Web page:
Common Questions Shared by Jeremy Kichler Colquitt County Agent
Thank you, Jeremy, for sharing. This is a repeat from last week but very good information shared here. Topics includes in-furrow treatments for cotton and peanut. Nitrogen applications and weed control in corn.
Thoughts on Cotton Weed Control…
BURNDOWN: Palmer amaranth must not be emerged when planting, regardless of cotton cultivar planted.
Standard programs using Valor (before Palmer emergence), Direx, and Gramoxone + Direx are advised. Dicamba or 2,4-D would be beneficial for primrose, horseweed, and radish (2,4-D is much more effective on radish). All weeds and cover crops with the exception of cereal grains should be killed at least 14 days before planting. No plant back interval exists for XtendiMax or Engenia in XtendFlex cotton; other cultivars may be planted 30 d after 1” of rainfall. No plant back interval exists for Enlist Duo or Enlist One in Enlist cotton; other cultivars may be planted 30 d after application.
Preemergence (PRE) applications: Include 2 active ingredients for better control, less crop injury, and less herbicide resistance development.
Below are some choices of preemergence treatments.
1) Brake + Reflex 2) Brake + Warrant 3) Direx + Warrant 4) Reflex + Direx 5) Reflex + Warrant
HERBICIDE RATES ASSUME TIMELY SEQUENTIAL POST APPLICATIONS AND DIRECTED LAYBY
1) Brake contains fluridone; 1 pt/A is an effective rate in mix with other herbicides. Fluridone requires significant rain/irrigation to become fully active.
2) Warrant: For most soils, 32-40 oz/A is in order. Effective on most grasses, pigweeds and is essential for spiderwort.
3) Direx: For most soils the ideal rate is 10-16 oz/A; lower rates on sands or under intense irrigation. Avoid diuron PRE if it was applied within 14 d of planting as a burndown.
4) Reflex: For most soils, ideal rate is 10-12 oz/A when in these tank mixtures. Reflex mixtures are the most effective option for
NOTE: Add paraquat if pigweed is emerged; a jar test is strongly advised if mixing with Brake. Seedling Diseases in Cotton… are typically more severe during cooler and wetter weather, Why? Primarily the cool, wet soils slow germination and slow growth and development of the seed and seedling. Slow germination and emergence coupled with low vigor early on gives our most important seedling disease pathogen of cotton, fungus Rhizoctonia solani, the chance to attack and cause significant stand loss. Rhizoctonia can (and does) certainly cause losses even in warmer soils, but the impact is greatest in cooler and wetter soils.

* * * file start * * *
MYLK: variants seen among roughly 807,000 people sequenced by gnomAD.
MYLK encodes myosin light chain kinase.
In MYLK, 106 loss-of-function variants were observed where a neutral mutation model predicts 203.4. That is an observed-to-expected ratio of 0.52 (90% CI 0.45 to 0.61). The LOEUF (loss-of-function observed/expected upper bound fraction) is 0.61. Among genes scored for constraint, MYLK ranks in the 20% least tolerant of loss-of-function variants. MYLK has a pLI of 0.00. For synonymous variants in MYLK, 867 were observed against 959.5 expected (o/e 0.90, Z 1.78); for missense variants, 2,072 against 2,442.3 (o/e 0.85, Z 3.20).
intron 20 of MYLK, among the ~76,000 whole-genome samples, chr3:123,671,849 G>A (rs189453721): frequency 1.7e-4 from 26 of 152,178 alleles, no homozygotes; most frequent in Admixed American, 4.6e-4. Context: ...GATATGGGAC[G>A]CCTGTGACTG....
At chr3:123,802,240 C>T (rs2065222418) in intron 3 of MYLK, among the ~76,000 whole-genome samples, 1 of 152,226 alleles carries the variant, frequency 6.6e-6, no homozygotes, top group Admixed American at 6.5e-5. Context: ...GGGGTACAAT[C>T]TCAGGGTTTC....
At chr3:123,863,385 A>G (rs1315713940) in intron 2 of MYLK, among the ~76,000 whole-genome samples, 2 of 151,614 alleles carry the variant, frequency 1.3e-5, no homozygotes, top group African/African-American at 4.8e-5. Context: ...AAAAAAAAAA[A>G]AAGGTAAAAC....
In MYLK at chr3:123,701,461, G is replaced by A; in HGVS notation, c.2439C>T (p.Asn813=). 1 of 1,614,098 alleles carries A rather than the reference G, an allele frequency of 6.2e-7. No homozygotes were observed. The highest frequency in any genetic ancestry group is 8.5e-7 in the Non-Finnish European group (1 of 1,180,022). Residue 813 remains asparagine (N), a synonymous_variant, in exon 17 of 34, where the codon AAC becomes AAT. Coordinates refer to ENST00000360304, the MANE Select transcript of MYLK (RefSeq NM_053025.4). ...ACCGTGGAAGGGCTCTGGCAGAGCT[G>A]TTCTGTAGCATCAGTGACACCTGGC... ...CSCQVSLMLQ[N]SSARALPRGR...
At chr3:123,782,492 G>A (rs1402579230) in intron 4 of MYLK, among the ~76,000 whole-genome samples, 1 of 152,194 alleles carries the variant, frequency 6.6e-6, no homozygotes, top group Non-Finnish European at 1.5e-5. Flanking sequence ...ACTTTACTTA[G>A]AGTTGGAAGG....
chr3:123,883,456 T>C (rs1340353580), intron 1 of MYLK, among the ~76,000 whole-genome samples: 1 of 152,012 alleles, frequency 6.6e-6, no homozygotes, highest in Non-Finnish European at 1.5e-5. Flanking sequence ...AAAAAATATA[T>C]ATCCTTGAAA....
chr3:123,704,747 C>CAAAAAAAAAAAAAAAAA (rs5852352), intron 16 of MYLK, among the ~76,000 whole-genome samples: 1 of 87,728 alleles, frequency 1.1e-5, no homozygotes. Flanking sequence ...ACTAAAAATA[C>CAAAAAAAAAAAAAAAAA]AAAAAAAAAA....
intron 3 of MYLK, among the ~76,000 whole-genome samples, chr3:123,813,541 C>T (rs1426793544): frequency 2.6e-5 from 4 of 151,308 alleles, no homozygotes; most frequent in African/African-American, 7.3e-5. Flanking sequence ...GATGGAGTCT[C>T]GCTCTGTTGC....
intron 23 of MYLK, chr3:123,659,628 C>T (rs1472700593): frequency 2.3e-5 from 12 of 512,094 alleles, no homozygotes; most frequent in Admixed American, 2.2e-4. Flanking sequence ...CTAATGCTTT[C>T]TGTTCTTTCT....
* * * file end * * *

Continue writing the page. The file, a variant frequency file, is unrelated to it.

NOTE: the key here about increasing risk to seedling diseases is less about “cooler and wetter” and more about ANYTHING that slows germination and development. Other factors include 1) poor seed quality, and 2) some considerations with herbicides and possibly other things put directly in the furrow. NOTE 2: Rhizoctonia almost always causes post-emergent damping-off seedling disease. Plants come up, kind look ok, and then buckle at the knees and die, or they just stay small and fail to thrive. Dig the plants up and you should see a beautifully diagnostic lesion just below the soil line. If the plants NEVER come up, you may have Pythium (possibly especially in cooler soils) or other seedrot issues.
SO, what to do? To minimize risk to seedling diseases, 1) make sure soil temps at 4 in. are AT LEAST 65F, 2)avoid planting in cooler and wetter conditions are imminent, 3) make sure you have the best quality seed (ask conditions); smaller seed is sometimes prone to greater stand problems than is larger seed, 4) insure a good fungicide seed treatment package (most commercial seed is already treated with a combination of excellent fungicides, and 5) if you are worried about higher risk to seedling diseases, consider additional treatments.
Additional treatments for cotton include 1) additional, higher-end seed treatments, and 2) liquid in-furrow fungicide. Neither additional treatment is a “general recommendation” for me as our standard cotton seed treatments are adequate to protect stand much of the time. However, when in doubt, additional treatments are good “insurance” against seedling disease, especially use of azoxystrobin (6 fl oz/A) in-furrow against Rhizoctonia.